Your photographs deserve to be seen
You deserve to enjoy your images in the highest quality, as museum-grade framed prints & albums that will last a lifetime (and longer)
Museum quality artwork like framed prints, photographic canvas, or custom designed albums are the absolute best ways to enjoy your photographs for decades to come. When you invite me to photograph your family or wedding, I work with you to really understand what you want out of your photographs and how you want to display them in your home. I'll approach your wedding or session with that in mind so that we make exactly the right photographs.
Then I'll guide you in choosing how to display your photos, and in what formats and sizes, that are best for you and your home. When you place your order I'll take care of all the logistics of producing your artwork and will deliver it to you. I can even hang them on your walls.
My work isn't done until you have something beautiful, real, and archival quality in your hands, so every one of my clients receives a credit to apply toward finished framed prints, albums, or other artwork.
All family sessions include a credit to be put toward wall art or an album.
All wedding packages include a custom heirloom album and a credit toward wall art.
Framed Prints & Canvases
The photographs you actually see, and enjoy the most, are the ones you hang on your walls. Period. So these portraits deserve to be displayed with accurate color, depth, and sharpness, and in high quality materials that won't fade, warp, or degrade. I partner with premium printers and framers who specialize in museum-grade, archival materials and who have incredibly high attention to detail. I'll guide you in the best media and sizes and take care of the ordering. I can even help hang them for you.
Albums & Folios
An album is the best way to view a series of photographs and to relive them as a story.. My albums are exceptionally high quality and are handmade in the U.S. The images are printed directly onto thick, premium pages. The layflat panoramic pages open flat with no bending and with minimal seams at the binding. The covers are bound in leather, linen, or silk with a variety of material choices. Paging through your album is a tactile and visual experience that can't be replicated digitally.
A folio box is like an album but with loose, individually matted photographs. The matted prints can be removed for display while the rest are stored safely in the folio.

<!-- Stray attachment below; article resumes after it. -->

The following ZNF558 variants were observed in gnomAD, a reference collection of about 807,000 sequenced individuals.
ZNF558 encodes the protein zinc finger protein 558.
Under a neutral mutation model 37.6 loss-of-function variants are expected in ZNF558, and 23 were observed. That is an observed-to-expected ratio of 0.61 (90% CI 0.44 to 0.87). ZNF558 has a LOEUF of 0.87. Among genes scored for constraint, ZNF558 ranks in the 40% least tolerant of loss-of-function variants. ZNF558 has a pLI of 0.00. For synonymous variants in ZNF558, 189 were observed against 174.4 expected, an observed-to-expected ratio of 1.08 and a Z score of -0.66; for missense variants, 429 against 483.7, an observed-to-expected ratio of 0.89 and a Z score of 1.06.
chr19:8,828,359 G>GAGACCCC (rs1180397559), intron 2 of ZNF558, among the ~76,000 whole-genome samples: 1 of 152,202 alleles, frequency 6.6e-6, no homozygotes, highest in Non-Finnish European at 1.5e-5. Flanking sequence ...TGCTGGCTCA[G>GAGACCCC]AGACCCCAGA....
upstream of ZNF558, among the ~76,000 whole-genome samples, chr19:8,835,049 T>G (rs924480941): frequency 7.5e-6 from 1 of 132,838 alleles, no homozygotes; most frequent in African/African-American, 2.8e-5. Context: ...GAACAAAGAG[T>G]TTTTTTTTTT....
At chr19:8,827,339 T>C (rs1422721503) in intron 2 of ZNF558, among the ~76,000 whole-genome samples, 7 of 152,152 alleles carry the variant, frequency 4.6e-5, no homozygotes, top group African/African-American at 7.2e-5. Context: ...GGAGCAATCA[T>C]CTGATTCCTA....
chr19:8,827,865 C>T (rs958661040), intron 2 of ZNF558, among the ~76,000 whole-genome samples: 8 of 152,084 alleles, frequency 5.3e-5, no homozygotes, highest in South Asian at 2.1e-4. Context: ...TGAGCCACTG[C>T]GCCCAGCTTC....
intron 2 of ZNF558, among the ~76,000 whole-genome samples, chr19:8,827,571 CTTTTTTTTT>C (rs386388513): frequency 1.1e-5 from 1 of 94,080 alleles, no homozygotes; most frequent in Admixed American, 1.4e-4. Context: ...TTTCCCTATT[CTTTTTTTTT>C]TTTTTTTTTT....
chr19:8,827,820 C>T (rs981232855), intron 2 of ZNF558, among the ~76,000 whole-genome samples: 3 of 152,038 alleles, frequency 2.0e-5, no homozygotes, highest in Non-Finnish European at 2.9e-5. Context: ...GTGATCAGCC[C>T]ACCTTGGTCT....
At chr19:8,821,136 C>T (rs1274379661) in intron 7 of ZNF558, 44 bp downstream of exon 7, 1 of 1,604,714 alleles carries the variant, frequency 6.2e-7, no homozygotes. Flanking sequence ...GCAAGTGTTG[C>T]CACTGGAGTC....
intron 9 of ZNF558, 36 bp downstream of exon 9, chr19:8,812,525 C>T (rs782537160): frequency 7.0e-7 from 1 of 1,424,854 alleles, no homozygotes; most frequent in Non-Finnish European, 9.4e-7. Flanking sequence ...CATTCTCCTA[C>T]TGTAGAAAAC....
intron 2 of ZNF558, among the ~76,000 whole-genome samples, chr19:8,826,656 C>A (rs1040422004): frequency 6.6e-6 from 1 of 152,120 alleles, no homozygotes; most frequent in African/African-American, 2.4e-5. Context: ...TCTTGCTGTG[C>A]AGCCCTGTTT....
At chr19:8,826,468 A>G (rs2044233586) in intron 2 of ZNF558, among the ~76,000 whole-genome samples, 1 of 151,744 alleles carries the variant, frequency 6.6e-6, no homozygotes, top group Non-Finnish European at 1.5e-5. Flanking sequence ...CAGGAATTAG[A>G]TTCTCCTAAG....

Why is "archival", "heirloom", or "museum" quality art better?
In short, products that are “archival”, “heirloom”, or “museum quality” use materials that are designed to last for quite possibly hundreds of years without degrading. Archival framed prints won’t fade over time or turn yellow. The papers are also specially designed to showcase great detail, color, and depth. They have a great tactile feel that makes them wonderful in albums.
The papers, glues, dyes, etc. are “acid-free”, meaning they have a neutral pH balance. Archival framed prints and albums use papers made of cotton or specially processed wood pulp and don’t have extra chemicals in them. They’re called museum quality because they’re literally used in museums by professional conservators.
These special papers and materials are reserved for premium products, so the overall craftsmanship of the items is also excellent. The printmakers and bookbinders I work with have incredibly high attention to detail.
Consumer grade products meet lower price points by using cheaper materials. Framed prints might use particle board and cardboard instead of solid wood, and the colors will fade over time. Cheaper album bindings can crack and crease and the pages are generally thin and not real photographic paper. The colors and sharpness can be off and the materials are flimsier.
Consumer grade products certainly have their time and place. But if you’re interested in enjoying your photographs in the best possible quality, for the rest of your lives (and your children’s… and grandchildren’s…) then archival, heirloom framed prints and albums are the obvious choice.
If you’re curious about the science behind archival photographs, here are some useful links: